Chronic SPK and Recurrent Corneal Abrasions…Diagnosis? Floppy Eyelid Syndrome

A 48-year-old male was referred to the clinic with chronic photophobia, redness and pain.  His best-corrected vision was 20/40 OD and 20/200 OS!  His cornea showed grade 3+ staining OS >OD, he had grade 3+ injection and chemosis, but there was no discharge and the anterior chamber was deep and quiet.  Fundus examination had always been unremarkable and without pathology.

Previous doctors had tried artificial tears, corticosteroids, cyclosporine, allergy medications, oral doxycycline, antibiotic ointments and combination antibiotic/steroid drops, but all to no avail.  He was treated with hypertonic drops and ointment for recurrent erosion, which had limited success as well.  Corticosteroid drops worked the best at improving the signs and symptoms but without complete resolution. As he tapered the medications a rebound would occur and eventually the symptoms persisted even in the presence of corticosteroid drops.  Antibiotic ointments also helped but could not fully improve his condition.  The patient had been suffering on and off with this for almost three years!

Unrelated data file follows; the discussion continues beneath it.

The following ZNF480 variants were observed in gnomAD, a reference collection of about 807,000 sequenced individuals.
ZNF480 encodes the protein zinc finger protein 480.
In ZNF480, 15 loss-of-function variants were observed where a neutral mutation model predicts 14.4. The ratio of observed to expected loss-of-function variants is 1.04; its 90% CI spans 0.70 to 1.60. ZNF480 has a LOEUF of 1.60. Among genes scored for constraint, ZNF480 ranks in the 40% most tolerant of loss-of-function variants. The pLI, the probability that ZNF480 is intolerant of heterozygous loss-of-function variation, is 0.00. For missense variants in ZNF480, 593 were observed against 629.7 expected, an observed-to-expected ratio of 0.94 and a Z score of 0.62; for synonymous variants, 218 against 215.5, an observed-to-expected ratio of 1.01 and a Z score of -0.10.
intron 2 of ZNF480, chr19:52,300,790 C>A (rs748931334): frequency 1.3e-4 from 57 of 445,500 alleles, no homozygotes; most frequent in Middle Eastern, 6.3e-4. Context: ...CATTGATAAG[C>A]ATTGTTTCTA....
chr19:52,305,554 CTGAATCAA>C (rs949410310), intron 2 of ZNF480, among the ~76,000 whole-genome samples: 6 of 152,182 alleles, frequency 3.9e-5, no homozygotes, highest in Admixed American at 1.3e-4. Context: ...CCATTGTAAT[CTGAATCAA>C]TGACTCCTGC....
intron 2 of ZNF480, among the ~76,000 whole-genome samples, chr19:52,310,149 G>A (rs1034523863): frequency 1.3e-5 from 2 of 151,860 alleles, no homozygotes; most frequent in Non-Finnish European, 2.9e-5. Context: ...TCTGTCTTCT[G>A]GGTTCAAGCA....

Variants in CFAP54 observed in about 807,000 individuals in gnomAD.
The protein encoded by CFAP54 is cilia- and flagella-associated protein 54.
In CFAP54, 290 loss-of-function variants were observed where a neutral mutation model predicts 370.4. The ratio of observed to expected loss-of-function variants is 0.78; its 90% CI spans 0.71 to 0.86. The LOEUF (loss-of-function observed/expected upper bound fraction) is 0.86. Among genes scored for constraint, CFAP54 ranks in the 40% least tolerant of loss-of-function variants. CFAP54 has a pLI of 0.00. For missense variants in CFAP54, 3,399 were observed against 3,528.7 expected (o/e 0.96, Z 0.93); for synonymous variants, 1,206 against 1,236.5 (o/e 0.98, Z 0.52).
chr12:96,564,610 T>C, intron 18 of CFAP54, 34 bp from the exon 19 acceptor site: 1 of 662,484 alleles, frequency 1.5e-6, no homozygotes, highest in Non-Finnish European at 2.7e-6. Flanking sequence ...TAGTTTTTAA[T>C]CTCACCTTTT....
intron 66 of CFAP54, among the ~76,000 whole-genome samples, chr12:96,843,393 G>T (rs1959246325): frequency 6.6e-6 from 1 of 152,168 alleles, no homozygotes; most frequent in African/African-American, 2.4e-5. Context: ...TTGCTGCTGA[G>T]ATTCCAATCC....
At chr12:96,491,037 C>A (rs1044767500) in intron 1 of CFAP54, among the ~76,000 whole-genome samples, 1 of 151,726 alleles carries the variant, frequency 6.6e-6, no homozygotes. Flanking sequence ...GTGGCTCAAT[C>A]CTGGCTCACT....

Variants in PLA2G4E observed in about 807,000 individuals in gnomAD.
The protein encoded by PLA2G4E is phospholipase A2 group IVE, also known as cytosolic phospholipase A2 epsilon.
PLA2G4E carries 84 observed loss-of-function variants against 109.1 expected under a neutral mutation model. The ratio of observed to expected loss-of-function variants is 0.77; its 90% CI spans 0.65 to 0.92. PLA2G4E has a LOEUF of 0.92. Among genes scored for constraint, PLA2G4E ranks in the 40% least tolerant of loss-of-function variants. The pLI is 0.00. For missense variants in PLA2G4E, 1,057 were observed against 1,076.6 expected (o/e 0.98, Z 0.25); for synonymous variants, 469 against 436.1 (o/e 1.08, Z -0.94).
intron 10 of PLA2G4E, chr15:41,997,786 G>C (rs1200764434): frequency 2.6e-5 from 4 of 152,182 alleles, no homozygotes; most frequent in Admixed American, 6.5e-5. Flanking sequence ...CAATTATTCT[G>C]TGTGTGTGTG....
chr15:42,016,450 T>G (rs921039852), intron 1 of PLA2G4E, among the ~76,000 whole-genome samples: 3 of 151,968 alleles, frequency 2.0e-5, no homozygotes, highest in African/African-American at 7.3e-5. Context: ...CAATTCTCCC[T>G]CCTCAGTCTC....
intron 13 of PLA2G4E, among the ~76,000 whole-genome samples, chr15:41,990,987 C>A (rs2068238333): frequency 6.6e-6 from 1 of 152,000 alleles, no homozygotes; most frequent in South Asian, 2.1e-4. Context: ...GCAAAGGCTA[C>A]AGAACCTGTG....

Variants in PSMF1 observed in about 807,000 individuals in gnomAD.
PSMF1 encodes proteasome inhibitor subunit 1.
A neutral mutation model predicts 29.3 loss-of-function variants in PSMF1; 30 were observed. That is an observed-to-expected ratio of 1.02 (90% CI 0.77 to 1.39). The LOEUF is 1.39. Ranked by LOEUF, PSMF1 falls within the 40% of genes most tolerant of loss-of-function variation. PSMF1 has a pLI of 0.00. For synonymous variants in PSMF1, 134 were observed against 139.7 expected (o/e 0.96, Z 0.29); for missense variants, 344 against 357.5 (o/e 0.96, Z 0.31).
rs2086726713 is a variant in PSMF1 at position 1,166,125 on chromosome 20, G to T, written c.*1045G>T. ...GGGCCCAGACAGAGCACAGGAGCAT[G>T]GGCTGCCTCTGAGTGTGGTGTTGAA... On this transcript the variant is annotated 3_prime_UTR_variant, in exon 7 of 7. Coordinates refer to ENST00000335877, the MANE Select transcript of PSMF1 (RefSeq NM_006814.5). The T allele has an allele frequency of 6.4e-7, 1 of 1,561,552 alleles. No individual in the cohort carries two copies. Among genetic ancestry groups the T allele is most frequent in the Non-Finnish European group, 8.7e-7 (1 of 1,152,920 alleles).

The Diagnosis?

In cases of chronic SPK consider Floppy Eyelid Syndrome. The lack of a tight eyelid results in chronic inflammation to the cornea and conjunctiva as was evident by the corneal and conjunctival edema and staining.  Lifting his upper eyelids showed them to be extremely “elastic,” and they could be flipped with one finger or even pulled approximately two inches away! This condition is more common in overweight, middle-aged males as was the case here[1].  The patient also confirmed a history of sleep apnea, which is also consistent with FES[2].  The only option for FES this severe is surgical repair, which the patient underwent two weeks ago and is already showing significant improvement to signs and symptoms.  We continue to maintain the best possible ocular surface with artificial tears, punctal plugs and therapeutics for the chronic SPK associated with this condition, but it has greatly improved after surgical intervention.

[1] Pham TT, Perry JD. Floppy eyelid syndrome. Curr Opin Ophthalmol. 2007;18(5):430-3.

[2] Karger RA, White WA, Park WC, et al. Prevalence of floppy eyelid syndrome in obstructive sleep apnea-hypopnea syndrome. Ophthalmology. 2006;113(9):1669-74

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